Madadi also traces the history of exploration and expedition attempts on Nanda Devi, ranging from the more modest early attempts to penetrate the inner sanctuary and reach its base to the later, more ambitious, and dangerous attempts to ascend the peak. These attempts often failed, but occasionally, when the Goddess smiled, were successful, and in both cases contributed to the central legend of the mountain.
The most affecting is the story of a young American girl called Nanda Devi Unsoeld, who attempted to scale the mountain that she was named after, only to perish and be committed to the same mountain by her father. To him, she had been the goddess personified. “Death is not too high a price to pay for a life fully lived”, reflected Devi’s mother.
Through this history of expeditions, Madadi also discusses the ecological and economic questions that arise out of an activity like mountaineering, and the extreme yet ineffective policies of the government that failed to create a balance between the two.
He explains how a complete ban on entering the sanctuary not only affected the sustainable livelihood of the Bhotiya tribe but also gave free rein to the poachers, who no longer needed to worry about getting found out. He also mentions how only thirty-five families from the Bhotiya community remain in the valley, most having migrated in search of livelihood.
Three Men on the Mountain
A self-confessed wannabe but a never-been mountaineer, Madadi somehow convinces two of his friends (one of them physically unfit, the other characteristically uncommunicative, both also never-been mountaineers) to go on this adventure to get a glimpse of the Devi that none of them is experienced to undertake.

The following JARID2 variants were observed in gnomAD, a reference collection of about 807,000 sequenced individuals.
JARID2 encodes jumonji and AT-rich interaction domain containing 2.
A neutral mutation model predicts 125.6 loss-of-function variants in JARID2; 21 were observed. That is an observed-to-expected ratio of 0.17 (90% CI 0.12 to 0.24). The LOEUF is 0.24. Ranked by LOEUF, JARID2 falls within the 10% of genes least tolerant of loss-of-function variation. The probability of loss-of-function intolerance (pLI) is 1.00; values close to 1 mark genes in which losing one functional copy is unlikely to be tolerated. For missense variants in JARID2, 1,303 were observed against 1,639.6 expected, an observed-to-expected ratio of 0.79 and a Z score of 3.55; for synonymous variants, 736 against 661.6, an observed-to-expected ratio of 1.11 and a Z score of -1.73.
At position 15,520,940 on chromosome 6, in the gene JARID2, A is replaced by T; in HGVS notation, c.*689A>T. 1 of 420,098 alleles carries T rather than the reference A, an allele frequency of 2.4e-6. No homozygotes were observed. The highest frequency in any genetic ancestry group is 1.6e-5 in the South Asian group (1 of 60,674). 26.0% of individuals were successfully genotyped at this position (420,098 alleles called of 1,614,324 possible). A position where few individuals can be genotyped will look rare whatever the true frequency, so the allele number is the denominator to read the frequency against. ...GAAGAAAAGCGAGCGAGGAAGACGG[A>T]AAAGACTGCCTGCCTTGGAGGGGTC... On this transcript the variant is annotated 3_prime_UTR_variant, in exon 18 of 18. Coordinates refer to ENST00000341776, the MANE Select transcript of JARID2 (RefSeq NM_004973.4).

What results is a very realistic and unintentionally funny travelogue of three very incapable men, driven up the mountain by the author’s sheer obsession and with a lot of help from the expert high-altitude Bhutiya porters. “As the view keeps getting better with every inch you gain from here; one has to be mindful of the risks associated with them.” The three men also provide a foil against which the heroics of the formidable and resilient Bhotiya tribe stand out even more.
Sandeep Madadi is not the first to write about Nanda Devi, nor would he be the last. And while the book reads more like a long-form essay than a thorough textbook exploration of the topic, it is an easy read, and Madadi packs in enough information in under 130 pages to pique my interest in this formidable mountain goddess.
It could be your gateway drug to other books on the subject, such as those written by Bill Aitken and Eric Shipton, both heavily relied upon in this book. Perchance, you may find yourself at the feet of the mountain, looking up reverently, for in the words of Aitken,
“The simplest way to find out whether Nanda Devi is a timeless vision or hard rock vertically disposed is to escape hearsay and go see for yourself.”
Best Quote from Nanda Devi
“Who would like to stay in a village with no primary healthcare centre or a school? In this era of digital connectivity, most of the twenty-four villages of Niti valley remain cut off from the rest of the world with no mobile network coverage.”
Have you read this journey of grit and determination? What do you think of it? Drop a comment below and let us know!